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Windows 7 Surpasses 400M Licenses

July 13, 2011

Microsoft chief executive Steve Ballmer on Tuesday praised the widespread adoption of his company’s desktop operating system, saying it has now sold more than 400 million Windows 7 licenses.

However, Ballmer acknowledged Microsoft’s struggles in the mobile phone market, where the company’s market share has gone from “very small to very small” as its new Windows Phone platform is selling fewer devices than Windows Mobile.

Ballmer made the remarks during Microsoft’s Worldwide Partner Conference in Los Angeles, where he also urged customers to make the switch from the decade-old Windows XP operating system. 

He warned that as many as two-thirds of PCs worldwide are still running Windows XP, for which support will expire in less than three years.

The adoption of Windows 7, which was released in October 2009, has been faster than for XP, Ballmer said.  Indeed, Windows 7 now powers 27% of all PCs worldwide, according to data from Net Applications.

Ballmer also said that Microsoft’s Internet Explorer 9 is now “the most popular modern browser running on Windows 7 PCs in the US” and that it is running on 17% of Windows 7 PCs worldwide.

He hinted at a forthcoming Windows 8, expected late next year, which he said would be “a true reimagining of Windows PCs and the dawning of Windows slates.”

Last month, Microsoft demonstrated a preliminary version of Windows 8, which the company said would run both desktop and tablet computers.

The company is now strongly calling on consumers and businesses to move beyond Windows XP.

“It’s time to move from good enough to something much better,” wrote Microsoft’s senior community manager Stephen Rose in a blog posting, adding that support for Windows XP will end in April 2014.

“Bottom line, PCs running Windows XP will be vulnerable to security threats”, he noted, “because it will no longer receive security patches and hotfixes, as presently it does.”

Ballmer admitted the company’s poor performance in the smartphone market, but said he expected to see progress in the future.

“We’ve gone from very small [market share] to very small, but it’s been a heck of a year,” he said.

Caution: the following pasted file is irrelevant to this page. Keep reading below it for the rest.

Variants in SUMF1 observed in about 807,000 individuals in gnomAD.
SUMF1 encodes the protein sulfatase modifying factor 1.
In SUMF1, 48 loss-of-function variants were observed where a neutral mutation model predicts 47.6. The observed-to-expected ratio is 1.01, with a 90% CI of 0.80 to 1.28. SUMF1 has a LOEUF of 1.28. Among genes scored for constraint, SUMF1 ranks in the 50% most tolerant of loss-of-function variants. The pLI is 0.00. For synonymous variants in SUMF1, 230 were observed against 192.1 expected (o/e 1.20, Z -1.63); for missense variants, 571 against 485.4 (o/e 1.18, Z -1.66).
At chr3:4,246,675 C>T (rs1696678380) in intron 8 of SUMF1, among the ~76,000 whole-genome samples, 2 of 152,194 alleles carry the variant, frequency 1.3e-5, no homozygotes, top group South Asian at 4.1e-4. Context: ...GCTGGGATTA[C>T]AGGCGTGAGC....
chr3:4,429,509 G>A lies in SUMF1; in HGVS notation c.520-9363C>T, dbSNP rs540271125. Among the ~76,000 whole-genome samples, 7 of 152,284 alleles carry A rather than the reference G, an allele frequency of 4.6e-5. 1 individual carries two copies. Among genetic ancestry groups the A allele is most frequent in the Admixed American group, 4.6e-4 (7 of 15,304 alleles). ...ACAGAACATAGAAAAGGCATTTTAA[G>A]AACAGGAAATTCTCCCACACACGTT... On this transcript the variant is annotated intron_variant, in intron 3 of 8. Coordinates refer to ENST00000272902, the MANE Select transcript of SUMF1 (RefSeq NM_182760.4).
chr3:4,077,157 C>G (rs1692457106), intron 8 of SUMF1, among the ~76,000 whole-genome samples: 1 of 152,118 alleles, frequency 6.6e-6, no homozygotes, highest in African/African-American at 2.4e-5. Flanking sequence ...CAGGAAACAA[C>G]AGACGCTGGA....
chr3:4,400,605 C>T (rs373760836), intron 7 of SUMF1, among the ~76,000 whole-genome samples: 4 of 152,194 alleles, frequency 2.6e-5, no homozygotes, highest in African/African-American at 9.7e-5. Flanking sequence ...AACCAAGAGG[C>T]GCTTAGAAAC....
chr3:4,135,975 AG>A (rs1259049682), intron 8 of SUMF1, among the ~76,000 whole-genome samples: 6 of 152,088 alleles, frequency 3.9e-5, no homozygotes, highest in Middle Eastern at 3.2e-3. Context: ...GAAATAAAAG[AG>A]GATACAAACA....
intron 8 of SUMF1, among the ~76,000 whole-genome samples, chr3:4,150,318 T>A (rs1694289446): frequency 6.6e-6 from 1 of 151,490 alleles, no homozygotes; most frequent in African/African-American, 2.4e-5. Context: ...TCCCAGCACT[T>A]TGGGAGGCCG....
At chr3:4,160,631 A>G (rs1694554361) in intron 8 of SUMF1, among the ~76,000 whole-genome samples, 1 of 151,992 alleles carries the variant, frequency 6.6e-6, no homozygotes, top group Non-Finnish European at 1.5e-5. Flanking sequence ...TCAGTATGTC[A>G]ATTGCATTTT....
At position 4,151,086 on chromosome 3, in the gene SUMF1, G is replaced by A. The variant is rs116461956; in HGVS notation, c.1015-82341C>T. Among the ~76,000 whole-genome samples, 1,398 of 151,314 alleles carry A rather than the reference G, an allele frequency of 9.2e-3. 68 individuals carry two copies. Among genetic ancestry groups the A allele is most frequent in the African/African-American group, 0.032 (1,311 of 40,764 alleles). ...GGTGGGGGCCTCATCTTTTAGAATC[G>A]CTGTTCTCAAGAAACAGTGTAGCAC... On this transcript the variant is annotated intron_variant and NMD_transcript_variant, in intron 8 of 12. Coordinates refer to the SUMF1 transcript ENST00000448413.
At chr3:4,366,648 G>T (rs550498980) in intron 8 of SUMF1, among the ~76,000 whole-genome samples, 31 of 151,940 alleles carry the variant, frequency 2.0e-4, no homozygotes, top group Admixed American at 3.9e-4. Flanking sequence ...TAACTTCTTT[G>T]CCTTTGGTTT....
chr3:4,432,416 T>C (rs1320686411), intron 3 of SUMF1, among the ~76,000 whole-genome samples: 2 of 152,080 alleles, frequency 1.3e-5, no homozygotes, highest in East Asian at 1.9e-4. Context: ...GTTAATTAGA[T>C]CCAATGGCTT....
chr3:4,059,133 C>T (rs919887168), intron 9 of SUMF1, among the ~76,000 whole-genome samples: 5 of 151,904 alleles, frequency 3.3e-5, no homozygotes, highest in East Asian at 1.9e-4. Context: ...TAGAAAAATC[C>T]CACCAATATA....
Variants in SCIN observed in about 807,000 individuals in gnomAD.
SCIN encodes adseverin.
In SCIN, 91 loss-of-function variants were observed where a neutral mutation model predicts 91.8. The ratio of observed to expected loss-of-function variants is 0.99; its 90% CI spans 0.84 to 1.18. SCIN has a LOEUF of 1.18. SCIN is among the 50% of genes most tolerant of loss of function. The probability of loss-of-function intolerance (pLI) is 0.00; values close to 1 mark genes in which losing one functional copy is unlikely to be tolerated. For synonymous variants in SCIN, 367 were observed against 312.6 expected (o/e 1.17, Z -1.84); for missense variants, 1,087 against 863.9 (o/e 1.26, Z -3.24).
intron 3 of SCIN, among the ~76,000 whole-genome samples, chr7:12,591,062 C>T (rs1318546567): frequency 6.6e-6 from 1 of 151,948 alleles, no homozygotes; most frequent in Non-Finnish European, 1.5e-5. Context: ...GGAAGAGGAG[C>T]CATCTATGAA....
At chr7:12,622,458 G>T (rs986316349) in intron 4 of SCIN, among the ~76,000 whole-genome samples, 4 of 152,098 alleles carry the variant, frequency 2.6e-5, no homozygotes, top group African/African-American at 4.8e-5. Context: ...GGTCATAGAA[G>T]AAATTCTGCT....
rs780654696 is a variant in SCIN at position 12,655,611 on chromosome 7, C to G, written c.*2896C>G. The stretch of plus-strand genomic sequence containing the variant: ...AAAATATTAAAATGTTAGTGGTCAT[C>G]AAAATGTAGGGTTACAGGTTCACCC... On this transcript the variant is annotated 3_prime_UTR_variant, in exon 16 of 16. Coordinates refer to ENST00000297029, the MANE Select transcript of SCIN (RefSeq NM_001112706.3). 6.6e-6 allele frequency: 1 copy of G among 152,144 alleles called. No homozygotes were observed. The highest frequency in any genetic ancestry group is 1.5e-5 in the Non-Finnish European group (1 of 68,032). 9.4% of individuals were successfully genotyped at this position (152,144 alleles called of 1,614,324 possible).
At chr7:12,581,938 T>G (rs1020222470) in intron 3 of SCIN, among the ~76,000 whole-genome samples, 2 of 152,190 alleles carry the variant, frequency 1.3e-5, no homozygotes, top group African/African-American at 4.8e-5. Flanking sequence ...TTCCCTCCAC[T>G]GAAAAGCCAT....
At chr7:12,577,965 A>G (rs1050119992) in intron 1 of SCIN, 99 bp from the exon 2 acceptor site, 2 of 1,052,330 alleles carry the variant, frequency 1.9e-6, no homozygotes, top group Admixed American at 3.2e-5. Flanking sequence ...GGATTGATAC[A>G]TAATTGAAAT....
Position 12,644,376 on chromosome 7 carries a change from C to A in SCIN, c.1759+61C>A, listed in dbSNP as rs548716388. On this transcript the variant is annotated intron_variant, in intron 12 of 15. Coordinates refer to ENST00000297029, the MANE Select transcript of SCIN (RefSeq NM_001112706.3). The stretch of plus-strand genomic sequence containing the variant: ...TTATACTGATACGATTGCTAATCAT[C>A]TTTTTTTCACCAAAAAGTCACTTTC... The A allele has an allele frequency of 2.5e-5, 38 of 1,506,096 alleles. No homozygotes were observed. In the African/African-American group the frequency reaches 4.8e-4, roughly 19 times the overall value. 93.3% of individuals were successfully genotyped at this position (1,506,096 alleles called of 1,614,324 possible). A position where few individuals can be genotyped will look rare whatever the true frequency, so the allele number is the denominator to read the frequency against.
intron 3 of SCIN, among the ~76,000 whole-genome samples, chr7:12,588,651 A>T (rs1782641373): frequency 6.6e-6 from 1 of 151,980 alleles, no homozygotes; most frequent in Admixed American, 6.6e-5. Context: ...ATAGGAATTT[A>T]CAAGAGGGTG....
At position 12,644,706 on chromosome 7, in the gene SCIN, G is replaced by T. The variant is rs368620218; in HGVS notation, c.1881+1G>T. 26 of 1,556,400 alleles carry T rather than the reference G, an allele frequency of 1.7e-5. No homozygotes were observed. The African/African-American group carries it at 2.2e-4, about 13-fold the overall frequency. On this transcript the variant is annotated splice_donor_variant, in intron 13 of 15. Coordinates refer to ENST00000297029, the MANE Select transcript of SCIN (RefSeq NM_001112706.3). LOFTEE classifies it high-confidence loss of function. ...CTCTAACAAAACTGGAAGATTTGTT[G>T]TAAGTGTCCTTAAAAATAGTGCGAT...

However, “you’re going to see a lot of progress in that market competitively as we move forward” he said, referring to Microsoft’s partnership with Nokia to build Windows Phone devices.

Ballmer declined to disclose specific sales figures for Windows Phone, saying only that the company had sold “millions” of phones. 

Ballmer compared Microsoft’s market share of 400 million Windows 7 licenses to the 20 million Apple Mac OSX licenses.

“Now, 20 is too much, but 400, last time I checked, is a lot more than 20,” he said. 

He also announced continued strong growth in Microsoft Office 2010 licenses, saying the company has now sold 100 million licenses.

In what Ballmer referred to as a “report card”, or a “state of the state”, he gave the conference a general overview of Microsoft’s business.

“If you look at Microsoft, and people like to say we’ve got a lot of products. In some sense, I think that’s a fair characterization. But in some senses, we’re relatively simple,” he said.

“We’re involved in creating either the platforms or the hardware for three major devices: Small screens, big screens, and middle-sized screens. Sometimes called phones, PCs, and TVs, sometimes we’ll talk about the PC and the slate as separate devices, but we’re trying to drive forward the platform for intelligent devices.”

“At the same time, we’re investing in core scenarios on the back end, on the server and service side that becomes applications and tools that you can use to complete the experience — Bing, Office, our server and Azure platform, and of course Microsoft Dynamics.”

Microsoft is set to announce its full-year results on July 21.

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